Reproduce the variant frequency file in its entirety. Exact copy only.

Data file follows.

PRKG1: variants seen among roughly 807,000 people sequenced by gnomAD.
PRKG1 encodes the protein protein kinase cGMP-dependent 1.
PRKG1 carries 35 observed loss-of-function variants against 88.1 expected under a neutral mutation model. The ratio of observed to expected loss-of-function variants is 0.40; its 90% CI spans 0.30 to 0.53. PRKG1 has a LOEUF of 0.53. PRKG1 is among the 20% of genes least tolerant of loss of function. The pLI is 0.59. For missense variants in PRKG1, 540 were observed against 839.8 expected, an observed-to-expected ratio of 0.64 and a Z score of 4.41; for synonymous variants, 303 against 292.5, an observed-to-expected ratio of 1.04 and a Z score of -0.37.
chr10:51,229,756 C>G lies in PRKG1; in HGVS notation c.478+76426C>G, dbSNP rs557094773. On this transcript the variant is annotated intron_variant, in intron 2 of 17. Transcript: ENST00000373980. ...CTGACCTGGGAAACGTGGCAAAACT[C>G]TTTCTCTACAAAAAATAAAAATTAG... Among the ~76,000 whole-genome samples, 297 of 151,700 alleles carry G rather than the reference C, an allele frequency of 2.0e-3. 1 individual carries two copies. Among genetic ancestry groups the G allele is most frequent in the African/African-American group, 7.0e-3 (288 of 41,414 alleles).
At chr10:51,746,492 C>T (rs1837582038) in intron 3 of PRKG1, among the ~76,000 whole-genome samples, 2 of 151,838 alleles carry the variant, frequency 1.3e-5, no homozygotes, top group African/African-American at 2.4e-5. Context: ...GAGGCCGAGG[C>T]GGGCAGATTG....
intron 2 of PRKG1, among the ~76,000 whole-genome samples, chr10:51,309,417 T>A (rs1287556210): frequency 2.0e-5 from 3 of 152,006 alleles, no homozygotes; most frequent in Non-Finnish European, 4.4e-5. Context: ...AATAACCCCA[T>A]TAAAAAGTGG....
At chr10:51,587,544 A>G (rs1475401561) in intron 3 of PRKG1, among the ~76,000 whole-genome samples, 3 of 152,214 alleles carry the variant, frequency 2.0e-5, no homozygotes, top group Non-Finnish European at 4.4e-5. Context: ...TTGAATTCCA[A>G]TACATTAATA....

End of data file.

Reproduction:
PRKG1: variants seen among roughly 807,000 people sequenced by gnomAD.
PRKG1 encodes the protein protein kinase cGMP-dependent 1.
PRKG1 carries 35 observed loss-of-function variants against 88.1 expected under a neutral mutation model. The ratio of observed to expected loss-of-function variants is 0.40; its 90% CI spans 0.30 to 0.53. PRKG1 has a LOEUF of 0.53. PRKG1 is among the 20% of genes least tolerant of loss of function. The pLI is 0.59. For missense variants in PRKG1, 540 were observed against 839.8 expected, an observed-to-expected ratio of 0.64 and a Z score of 4.41; for synonymous variants, 303 against 292.5, an observed-to-expected ratio of 1.04 and a Z score of -0.37.
chr10:51,229,756 C>G lies in PRKG1; in HGVS notation c.478+76426C>G, dbSNP rs557094773. On this transcript the variant is annotated intron_variant, in intron 2 of 17. Transcript: ENST00000373980. ...CTGACCTGGGAAACGTGGCAAAACT[C>G]TTTCTCTACAAAAAATAAAAATTAG... Among the ~76,000 whole-genome samples, 297 of 151,700 alleles carry G rather than the reference C, an allele frequency of 2.0e-3. 1 individual carries two copies. Among genetic ancestry groups the G allele is most frequent in the African/African-American group, 7.0e-3 (288 of 41,414 alleles).
At chr10:51,746,492 C>T (rs1837582038) in intron 3 of PRKG1, among the ~76,000 whole-genome samples, 2 of 151,838 alleles carry the variant, frequency 1.3e-5, no homozygotes, top group African/African-American at 2.4e-5. Context: ...GAGGCCGAGG[C>T]GGGCAGATTG....
intron 2 of PRKG1, among the ~76,000 whole-genome samples, chr10:51,309,417 T>A (rs1287556210): frequency 2.0e-5 from 3 of 152,006 alleles, no homozygotes; most frequent in Non-Finnish European, 4.4e-5. Context: ...AATAACCCCA[T>A]TAAAAAGTGG....
At chr10:51,587,544 A>G (rs1475401561) in intron 3 of PRKG1, among the ~76,000 whole-genome samples, 3 of 152,214 alleles carry the variant, frequency 2.0e-5, no homozygotes, top group Non-Finnish European at 4.4e-5. Context: ...TTGAATTCCA[A>G]TACATTAATA....